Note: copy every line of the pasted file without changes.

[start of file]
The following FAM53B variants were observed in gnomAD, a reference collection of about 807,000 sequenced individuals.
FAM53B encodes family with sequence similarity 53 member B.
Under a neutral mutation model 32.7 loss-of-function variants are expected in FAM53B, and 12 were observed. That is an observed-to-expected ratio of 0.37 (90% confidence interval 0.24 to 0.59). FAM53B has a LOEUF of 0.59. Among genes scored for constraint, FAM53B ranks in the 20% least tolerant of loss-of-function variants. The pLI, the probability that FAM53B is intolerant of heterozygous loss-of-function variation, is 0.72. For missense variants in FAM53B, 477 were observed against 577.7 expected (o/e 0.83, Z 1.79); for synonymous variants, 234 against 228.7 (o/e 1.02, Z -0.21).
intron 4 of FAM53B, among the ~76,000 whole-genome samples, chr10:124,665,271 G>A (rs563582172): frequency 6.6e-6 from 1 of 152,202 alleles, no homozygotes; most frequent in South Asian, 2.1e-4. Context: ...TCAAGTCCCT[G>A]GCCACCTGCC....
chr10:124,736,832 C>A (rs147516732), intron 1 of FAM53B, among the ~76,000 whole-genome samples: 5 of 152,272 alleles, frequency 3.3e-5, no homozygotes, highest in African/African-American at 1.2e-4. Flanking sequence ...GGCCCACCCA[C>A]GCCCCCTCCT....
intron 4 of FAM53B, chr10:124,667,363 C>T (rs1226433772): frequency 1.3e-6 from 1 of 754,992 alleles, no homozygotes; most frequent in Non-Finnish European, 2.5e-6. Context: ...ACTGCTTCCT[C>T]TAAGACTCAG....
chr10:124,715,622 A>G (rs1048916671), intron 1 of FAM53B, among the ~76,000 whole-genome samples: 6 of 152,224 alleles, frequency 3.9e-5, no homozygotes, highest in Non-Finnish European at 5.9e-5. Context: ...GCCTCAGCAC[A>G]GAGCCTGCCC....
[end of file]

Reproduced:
The following FAM53B variants were observed in gnomAD, a reference collection of about 807,000 sequenced individuals.
FAM53B encodes family with sequence similarity 53 member B.
Under a neutral mutation model 32.7 loss-of-function variants are expected in FAM53B, and 12 were observed. That is an observed-to-expected ratio of 0.37 (90% confidence interval 0.24 to 0.59). FAM53B has a LOEUF of 0.59. Among genes scored for constraint, FAM53B ranks in the 20% least tolerant of loss-of-function variants. The pLI, the probability that FAM53B is intolerant of heterozygous loss-of-function variation, is 0.72. For missense variants in FAM53B, 477 were observed against 577.7 expected (o/e 0.83, Z 1.79); for synonymous variants, 234 against 228.7 (o/e 1.02, Z -0.21).
intron 4 of FAM53B, among the ~76,000 whole-genome samples, chr10:124,665,271 G>A (rs563582172): frequency 6.6e-6 from 1 of 152,202 alleles, no homozygotes; most frequent in South Asian, 2.1e-4. Context: ...TCAAGTCCCT[G>A]GCCACCTGCC....
chr10:124,736,832 C>A (rs147516732), intron 1 of FAM53B, among the ~76,000 whole-genome samples: 5 of 152,272 alleles, frequency 3.3e-5, no homozygotes, highest in African/African-American at 1.2e-4. Flanking sequence ...GGCCCACCCA[C>A]GCCCCCTCCT....
intron 4 of FAM53B, chr10:124,667,363 C>T (rs1226433772): frequency 1.3e-6 from 1 of 754,992 alleles, no homozygotes; most frequent in Non-Finnish European, 2.5e-6. Context: ...ACTGCTTCCT[C>T]TAAGACTCAG....
chr10:124,715,622 A>G (rs1048916671), intron 1 of FAM53B, among the ~76,000 whole-genome samples: 6 of 152,224 alleles, frequency 3.9e-5, no homozygotes, highest in Non-Finnish European at 5.9e-5. Context: ...GCCTCAGCAC[A>G]GAGCCTGCCC....